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Homework Help: Gcd(a,b) unique in Euclidean domain?

  1. Apr 9, 2012 #1
    gcd(a,b) unique in Euclidean domain??

    1. The problem statement, all variables and given/known data
    In Hungerford's Algebra on page 142, the problem 13 describes Euclidean algorithm on a Euclidean domain R to find THE greatest common divisor of a,b in R.

    My question is that does this THE mean THE UNIUQE? I've heard from my lecturer in a general commutative ring, a greatest common divisor of a,b in R does not have to be unique.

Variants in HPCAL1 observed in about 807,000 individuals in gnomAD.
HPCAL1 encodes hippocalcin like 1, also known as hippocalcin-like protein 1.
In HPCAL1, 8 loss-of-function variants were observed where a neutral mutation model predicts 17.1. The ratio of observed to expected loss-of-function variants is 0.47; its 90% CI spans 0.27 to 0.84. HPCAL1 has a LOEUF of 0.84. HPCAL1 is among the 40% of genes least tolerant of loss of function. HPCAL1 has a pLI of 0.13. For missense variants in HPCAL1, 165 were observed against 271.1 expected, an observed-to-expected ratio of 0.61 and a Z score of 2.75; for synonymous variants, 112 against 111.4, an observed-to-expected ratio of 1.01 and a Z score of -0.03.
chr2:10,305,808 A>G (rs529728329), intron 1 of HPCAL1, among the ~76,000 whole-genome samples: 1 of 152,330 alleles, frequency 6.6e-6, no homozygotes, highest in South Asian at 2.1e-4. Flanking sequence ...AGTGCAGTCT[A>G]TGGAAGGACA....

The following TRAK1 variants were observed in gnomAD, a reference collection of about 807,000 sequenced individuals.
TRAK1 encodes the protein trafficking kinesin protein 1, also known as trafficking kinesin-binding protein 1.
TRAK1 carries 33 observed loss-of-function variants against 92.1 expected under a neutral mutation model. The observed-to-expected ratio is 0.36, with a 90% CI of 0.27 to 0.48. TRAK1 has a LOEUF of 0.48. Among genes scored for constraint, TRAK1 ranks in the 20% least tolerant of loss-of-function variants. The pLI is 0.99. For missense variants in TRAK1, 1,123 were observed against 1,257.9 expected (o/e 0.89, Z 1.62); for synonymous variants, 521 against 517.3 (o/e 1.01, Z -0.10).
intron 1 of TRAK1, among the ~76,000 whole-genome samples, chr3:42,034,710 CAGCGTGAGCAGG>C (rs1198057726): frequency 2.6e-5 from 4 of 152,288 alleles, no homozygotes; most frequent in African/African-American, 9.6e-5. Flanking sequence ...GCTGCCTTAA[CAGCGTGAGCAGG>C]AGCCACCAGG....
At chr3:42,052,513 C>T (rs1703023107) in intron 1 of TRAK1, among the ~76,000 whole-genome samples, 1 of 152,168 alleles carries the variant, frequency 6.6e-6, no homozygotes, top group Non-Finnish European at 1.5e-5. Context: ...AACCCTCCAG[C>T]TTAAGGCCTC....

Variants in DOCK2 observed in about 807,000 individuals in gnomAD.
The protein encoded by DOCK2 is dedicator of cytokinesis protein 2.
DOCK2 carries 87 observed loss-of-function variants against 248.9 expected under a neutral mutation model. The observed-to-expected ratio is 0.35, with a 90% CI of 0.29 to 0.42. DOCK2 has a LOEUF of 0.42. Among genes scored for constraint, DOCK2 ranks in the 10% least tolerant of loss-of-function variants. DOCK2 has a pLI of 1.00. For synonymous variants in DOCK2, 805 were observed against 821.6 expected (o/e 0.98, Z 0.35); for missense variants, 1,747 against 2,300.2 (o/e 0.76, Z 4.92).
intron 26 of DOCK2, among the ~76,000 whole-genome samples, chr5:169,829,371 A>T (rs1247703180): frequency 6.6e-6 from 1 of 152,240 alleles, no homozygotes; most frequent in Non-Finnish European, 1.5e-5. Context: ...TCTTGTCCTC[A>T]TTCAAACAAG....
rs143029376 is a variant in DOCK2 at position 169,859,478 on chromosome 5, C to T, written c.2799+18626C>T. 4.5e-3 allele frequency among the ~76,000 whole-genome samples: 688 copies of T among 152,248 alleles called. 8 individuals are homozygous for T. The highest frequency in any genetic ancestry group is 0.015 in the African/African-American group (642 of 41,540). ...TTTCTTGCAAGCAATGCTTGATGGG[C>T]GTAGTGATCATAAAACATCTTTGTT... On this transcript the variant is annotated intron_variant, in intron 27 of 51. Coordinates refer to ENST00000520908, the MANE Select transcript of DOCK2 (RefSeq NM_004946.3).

Is there any theorem such as states that if R is a Euclidean domain, then for any a,b in R, gcd(a,b) is unique?

    2. Relevant equations

    3. The attempt at a solution
    Sorry, I have not figured out at all...
  2. jcsd
  3. Apr 9, 2012 #2


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    Re: gcd(a,b) unique in Euclidean domain??

    It's not even unique in the integers: 5 and -5 are both greatest common divisors of 20 and 35, for example. However, there is a simple relationship between all of the possibilities for a gcd....
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